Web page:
African gender officials say Isange centre model should be replicated

A delegation of 30 officials in charge of gender from various African countries attending an international conference on gender equality in Rwanda, yesterday, visited Isange One Centre at Kacyiru hospital, to learn from the centre’s achievements in as far as addressing gender-based violence (GBV) is concerned.
Chief Supt. Lynder Nkuranga (L) receives officials from across Africa for a tour of Isange. Courtesy.
Chief Supt. Lynder Nkuranga (L) receives officials from across Africa for a tour of Isange. Courtesy.

A delegation of 30 officials in charge of gender from various African countries attending an international conference on gender equality in Rwanda, yesterday, visited Isange One Centre at Kacyiru hospital, to learn from the centre’s achievements in as far as addressing gender-based violence (GBV) is concerned.

The officials include ministers, Members of Parliament and medical practitioners, among others.

At Isange, they were received by Chief Supt. Lynder Nkuranga, the Deputy Commissioner for Public Relations, Media and Protocol at Rwanda National Police (RNP), who briefed them on the centre’s achievements since its inception in 2009, and took them on a guided tour.

She narrated the centre’s modus operandi from the initial moment of receiving victims to the last stage where professionals assess the victims’ condition to discharge and delivering justice.

Chief Supt. Nkuranga briefed the officials on the comprehensive services provided at the centres including emergency actions, treatment, free legal services, trauma counseling and aftercare services.

Tadesse Engida, from Ethiopia, lauded the holistic approach employed at Isange; a model she said should be benchmarked in other African countries.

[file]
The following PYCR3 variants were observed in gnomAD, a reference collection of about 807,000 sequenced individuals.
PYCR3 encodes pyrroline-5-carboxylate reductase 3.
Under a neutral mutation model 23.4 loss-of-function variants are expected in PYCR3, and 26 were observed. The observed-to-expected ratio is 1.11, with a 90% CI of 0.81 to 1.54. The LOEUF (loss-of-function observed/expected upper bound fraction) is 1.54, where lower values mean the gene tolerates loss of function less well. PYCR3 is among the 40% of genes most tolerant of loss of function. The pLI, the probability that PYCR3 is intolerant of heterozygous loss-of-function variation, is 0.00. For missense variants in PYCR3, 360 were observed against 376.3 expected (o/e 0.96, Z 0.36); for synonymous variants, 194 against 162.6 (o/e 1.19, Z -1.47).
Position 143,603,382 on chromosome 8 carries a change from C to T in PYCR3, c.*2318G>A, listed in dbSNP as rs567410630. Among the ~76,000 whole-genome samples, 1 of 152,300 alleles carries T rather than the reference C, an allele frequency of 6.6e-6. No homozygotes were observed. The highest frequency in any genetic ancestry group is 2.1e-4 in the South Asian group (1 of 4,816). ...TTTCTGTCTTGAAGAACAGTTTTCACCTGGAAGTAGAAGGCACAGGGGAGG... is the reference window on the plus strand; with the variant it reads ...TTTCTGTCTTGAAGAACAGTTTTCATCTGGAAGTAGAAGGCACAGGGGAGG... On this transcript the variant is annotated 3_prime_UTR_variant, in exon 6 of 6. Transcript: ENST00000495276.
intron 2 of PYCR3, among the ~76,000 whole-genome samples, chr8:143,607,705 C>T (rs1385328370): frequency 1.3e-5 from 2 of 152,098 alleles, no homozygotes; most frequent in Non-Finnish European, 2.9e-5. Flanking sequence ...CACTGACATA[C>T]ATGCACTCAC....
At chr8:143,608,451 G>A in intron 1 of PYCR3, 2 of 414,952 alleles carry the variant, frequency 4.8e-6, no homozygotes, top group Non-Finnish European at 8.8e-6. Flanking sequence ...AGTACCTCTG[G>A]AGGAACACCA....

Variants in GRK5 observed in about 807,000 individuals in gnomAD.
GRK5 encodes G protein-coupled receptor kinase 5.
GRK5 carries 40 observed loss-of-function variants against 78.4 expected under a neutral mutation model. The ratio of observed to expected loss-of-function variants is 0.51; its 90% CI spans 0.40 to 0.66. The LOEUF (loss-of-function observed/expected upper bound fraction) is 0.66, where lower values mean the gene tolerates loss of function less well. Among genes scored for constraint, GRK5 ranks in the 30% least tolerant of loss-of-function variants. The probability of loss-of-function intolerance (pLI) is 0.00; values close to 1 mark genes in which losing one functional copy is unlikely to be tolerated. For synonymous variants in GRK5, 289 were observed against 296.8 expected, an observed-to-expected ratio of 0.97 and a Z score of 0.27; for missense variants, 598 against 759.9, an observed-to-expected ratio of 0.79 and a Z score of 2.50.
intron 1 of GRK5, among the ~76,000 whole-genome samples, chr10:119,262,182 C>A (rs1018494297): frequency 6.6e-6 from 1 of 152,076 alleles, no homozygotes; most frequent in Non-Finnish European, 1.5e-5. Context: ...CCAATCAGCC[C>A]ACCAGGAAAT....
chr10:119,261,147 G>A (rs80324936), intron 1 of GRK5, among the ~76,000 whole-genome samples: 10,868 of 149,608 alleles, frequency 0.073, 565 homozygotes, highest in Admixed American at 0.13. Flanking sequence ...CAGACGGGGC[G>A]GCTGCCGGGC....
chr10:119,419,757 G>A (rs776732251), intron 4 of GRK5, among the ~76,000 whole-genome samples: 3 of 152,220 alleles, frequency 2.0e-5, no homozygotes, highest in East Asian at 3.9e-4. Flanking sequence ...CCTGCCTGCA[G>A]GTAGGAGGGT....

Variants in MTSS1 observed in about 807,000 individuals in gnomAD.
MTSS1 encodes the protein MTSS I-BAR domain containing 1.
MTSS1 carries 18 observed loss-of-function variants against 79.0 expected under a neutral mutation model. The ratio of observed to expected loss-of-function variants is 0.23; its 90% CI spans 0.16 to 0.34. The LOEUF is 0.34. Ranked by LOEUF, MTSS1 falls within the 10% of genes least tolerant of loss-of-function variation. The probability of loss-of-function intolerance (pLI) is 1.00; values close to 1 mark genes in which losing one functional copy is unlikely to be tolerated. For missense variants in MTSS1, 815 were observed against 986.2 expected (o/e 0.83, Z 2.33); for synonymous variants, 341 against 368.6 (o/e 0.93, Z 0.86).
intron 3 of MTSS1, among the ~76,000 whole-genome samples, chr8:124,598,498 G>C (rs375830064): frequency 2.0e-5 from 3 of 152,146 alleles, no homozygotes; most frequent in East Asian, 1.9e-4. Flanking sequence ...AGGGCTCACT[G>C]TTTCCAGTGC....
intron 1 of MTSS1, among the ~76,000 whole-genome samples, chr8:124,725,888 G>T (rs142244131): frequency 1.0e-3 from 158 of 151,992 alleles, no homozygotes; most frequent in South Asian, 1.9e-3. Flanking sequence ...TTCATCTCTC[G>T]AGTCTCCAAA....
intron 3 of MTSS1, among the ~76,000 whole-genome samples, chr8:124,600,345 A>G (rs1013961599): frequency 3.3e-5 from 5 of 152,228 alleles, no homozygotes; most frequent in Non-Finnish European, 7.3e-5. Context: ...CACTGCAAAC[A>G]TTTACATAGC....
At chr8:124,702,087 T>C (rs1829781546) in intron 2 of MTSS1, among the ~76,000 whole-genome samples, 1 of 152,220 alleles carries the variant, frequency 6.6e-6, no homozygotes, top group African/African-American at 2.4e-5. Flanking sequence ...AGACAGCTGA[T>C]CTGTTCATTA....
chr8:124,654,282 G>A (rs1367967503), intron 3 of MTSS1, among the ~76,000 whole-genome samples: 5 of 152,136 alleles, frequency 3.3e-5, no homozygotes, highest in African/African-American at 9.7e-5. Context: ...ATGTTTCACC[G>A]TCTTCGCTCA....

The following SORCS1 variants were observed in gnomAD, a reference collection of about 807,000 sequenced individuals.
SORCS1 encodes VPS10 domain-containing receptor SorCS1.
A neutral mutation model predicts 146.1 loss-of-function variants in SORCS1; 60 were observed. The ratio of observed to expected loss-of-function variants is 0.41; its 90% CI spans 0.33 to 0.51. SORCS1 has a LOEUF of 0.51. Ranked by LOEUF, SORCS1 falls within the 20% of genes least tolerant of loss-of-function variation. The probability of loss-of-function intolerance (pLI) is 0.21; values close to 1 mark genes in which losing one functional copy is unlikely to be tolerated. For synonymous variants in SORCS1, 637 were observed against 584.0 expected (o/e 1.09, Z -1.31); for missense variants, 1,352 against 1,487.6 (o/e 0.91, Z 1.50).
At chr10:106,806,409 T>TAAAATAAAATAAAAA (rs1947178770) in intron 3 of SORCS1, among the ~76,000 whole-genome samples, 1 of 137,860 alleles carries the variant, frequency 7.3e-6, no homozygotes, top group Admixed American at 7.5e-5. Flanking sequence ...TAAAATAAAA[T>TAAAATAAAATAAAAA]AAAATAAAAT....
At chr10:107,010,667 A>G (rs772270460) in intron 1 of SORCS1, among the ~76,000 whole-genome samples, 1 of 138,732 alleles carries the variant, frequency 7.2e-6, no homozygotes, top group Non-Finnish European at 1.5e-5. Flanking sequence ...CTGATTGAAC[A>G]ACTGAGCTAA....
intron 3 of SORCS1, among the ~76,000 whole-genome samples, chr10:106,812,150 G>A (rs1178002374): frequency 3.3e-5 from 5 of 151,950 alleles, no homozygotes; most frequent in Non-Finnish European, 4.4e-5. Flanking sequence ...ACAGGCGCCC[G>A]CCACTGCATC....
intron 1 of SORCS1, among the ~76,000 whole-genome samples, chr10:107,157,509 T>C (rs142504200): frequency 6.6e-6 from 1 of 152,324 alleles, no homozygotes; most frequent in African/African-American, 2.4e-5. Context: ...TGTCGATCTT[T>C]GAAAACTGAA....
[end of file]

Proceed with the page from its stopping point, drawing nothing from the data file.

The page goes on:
Rukiya Mohamed, from South Sudan, observed that “most victims of GBV come from poor backgrounds and that such aftercare programmes empower victims through socio-economic schemes and prevents further abuses.”

CSP Nkuranga explained that the centre, which has been scaled up to all district hospitals, is meant to provide professional services to victims and delivering justice to Rwandans.

Earlier on, the centre was also visited by officials from the Swedish Police led by Inspector, Thereza Skogbund Shokarabi, who also toured various wings including the psycho-socio, counseling and the children wings.

She lauded RNP for its efficiency in protecting the vulnerable groups and commended the milestones Rwanda has made over the years in addressing GBV and child abuse.

“This is very important. Rwandans are really in the lead for equality and justice” said Shokarabi.

The global gender gap 2017 report, by the World Economic Forum, indicates that Rwanda climbed one place to fourth, globally.

The Global Gender Gap Report benchmarks 144 countries on their progress towards gender parity across four thematic dimensions: Economic Participation and Opportunity, Educational Attainment, Health and Survival, and Political Empowerment. 

editorial@newtimes.co.rw

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